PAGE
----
One aspect of the odd but memorable film that stands out to me is its un-likeliness. There’s every reason why the movie shouldn’t have been any good. Herk Harvey, its producer and director (who also played a significant acting role), never made another feature film besides Carnival. Its leading role was portrayed by actress Candace Hilligoss, who only has one other full-length motion picture role to her credit. Its inspiration and physical focal point—a rundown, disused resort complex in Salt Lake City—is a place that would have seemed, to most people at the time of the film’s making, more suitable for the scrap heap than as a location for key scenes in a motion picture. The movie was filmed in about three weeks and on a budget that would have been considered laughably small by any Hollywood production outfit.

[You cannot live in isolation from the human race, you know.]

Fri
Jul 22 2016 12:00pm

Review: Dark Matter by Blake Crouch

Dark Matter by Blake Crouch is a scientific thriller that explores the idea of multiple universes (Available July 26, 2016).

At some point, in most of our lives, we make a decision or two that shapes what becomes of us for a number of years or decades, if not forever. Many of us spend some time wondering what might have been had we made the choices other than the ones we made at those pivotal moments. Jason Dessen, the lead character and narrator of most of Blake Crouch’s novel Dark Matter, gets to experience the different versions of the life he might have led. 

Dessen is a guy in his mid-30s or thereabouts. At the outset of the story, he is married, the father of a teenage boy, and a physics professor at a small college in Chicago. Prior to family life, Dessen was a promising physicist, seemingly on the verge of making highly impactful research discoveries in the field of quantum mechanics. But, when his girlfriend—a visual artist who appeared destined for achievement in that area—got pregnant, he let his research program go and focused on family life, taking the more modest professional avenue of becoming a teacher to undergrad students. His wife also sacrificed her career and is now a stay-at-home mom who doesn’t do much artwork.

[Read Brian Greene's review of Dark Matter...]

Thu
Jul 21 2016 3:30pm

10 Essential Giallo Films

There are a few very general things in common between Italian giallo films and the pinky violence cinematic fare from Japan that I overviewed in a recent post.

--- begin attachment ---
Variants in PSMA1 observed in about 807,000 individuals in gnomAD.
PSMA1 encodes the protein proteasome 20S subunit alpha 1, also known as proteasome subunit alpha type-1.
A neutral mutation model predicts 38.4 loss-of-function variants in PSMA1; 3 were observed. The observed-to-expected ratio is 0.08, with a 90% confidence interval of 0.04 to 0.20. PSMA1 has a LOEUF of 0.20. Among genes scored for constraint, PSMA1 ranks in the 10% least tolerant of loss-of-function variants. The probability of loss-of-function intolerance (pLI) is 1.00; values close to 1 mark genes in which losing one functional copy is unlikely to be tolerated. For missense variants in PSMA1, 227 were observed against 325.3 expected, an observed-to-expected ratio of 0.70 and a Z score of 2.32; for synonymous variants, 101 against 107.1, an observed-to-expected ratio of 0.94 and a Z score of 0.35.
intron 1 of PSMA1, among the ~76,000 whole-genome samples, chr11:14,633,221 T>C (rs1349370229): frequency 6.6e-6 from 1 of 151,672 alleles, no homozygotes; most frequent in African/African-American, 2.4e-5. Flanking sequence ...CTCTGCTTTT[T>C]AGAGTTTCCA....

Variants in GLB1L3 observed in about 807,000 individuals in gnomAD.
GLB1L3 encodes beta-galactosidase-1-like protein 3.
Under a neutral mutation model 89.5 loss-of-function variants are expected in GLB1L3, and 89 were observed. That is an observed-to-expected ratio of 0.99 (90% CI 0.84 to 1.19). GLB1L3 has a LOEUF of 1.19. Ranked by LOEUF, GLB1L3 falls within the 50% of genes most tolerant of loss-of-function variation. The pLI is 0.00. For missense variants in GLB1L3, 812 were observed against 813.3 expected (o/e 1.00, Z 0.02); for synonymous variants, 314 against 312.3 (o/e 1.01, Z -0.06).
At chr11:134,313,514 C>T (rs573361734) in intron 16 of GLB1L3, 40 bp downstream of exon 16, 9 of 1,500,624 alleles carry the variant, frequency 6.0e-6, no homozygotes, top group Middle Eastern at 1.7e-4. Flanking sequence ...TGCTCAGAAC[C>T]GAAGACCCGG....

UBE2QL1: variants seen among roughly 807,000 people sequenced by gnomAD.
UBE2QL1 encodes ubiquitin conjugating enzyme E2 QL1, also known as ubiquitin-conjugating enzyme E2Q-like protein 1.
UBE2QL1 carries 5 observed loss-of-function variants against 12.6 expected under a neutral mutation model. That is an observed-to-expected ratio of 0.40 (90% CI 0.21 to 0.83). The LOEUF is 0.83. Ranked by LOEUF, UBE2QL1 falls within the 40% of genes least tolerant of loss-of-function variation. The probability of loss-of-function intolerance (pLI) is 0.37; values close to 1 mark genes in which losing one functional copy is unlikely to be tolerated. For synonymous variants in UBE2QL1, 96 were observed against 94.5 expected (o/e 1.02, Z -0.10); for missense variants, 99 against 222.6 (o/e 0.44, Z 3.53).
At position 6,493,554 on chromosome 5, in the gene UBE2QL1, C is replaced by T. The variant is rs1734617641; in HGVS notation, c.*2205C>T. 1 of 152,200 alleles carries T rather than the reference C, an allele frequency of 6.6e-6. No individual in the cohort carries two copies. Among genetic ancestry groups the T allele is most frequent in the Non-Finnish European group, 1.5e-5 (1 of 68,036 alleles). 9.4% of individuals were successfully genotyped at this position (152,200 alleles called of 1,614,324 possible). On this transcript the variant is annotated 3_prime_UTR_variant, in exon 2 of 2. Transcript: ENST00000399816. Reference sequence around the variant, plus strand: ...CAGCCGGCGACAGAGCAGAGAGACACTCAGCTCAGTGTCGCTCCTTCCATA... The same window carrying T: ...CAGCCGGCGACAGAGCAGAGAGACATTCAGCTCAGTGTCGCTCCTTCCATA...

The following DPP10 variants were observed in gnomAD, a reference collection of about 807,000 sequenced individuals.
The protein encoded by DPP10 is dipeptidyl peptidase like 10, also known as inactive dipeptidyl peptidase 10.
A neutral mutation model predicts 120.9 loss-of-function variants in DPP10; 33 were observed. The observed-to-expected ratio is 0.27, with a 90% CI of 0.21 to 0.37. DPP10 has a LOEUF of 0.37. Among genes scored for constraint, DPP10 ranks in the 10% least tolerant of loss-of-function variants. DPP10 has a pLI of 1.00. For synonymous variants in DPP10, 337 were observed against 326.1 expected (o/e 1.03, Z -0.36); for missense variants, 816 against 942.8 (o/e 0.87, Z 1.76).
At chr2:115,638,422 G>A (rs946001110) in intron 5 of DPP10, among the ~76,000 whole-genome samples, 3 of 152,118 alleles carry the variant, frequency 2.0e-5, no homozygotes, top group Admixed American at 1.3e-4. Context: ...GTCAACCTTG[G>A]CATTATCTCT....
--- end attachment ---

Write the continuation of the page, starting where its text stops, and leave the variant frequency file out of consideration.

See also: Pinky Violence

Both sets of movies were established in the 1960s and saw their finest releases come to the fore in the ‘70s. Both lines were created by experimental directors looking to break new ground in what can happen in a feature film. Sex and violence figure prominently in both, as does groovy music. The definitions for both genres are fairly loose and open to varied interpretations.

But that’s about where the likenesses stop. While the Japanese movies were exploitation fare looking to capture the ways of the country’s wild and reckless subversive youth (in particular tough bad girls), gialli are distinctly European crime thrillers that generally involve foul play among adults. Characters in pinky violence films get slapped, kicked, and knifed a lot, but relatively few of them die; in gialli, death (by savage murder, usually) is always coming just down the strada.

[See which films made the list!]

Wed
Jun 1 2016 11:30am

Page to Screen: In a Lonely Place

I am approaching this post on In a Lonely Place as a page-to-screen piece, where I’ll compare notes on the novel of that title and the movie that goes by the same name. But really, there’s little in common between Dorothy B. Hughes’s 1947 book and the 1950 film directed by Nicholas Ray. Let’s talk about the couple of things that make the two alike first, and then we’ll turn to the differences.

[One of Humphrey Bogart's finest performances...]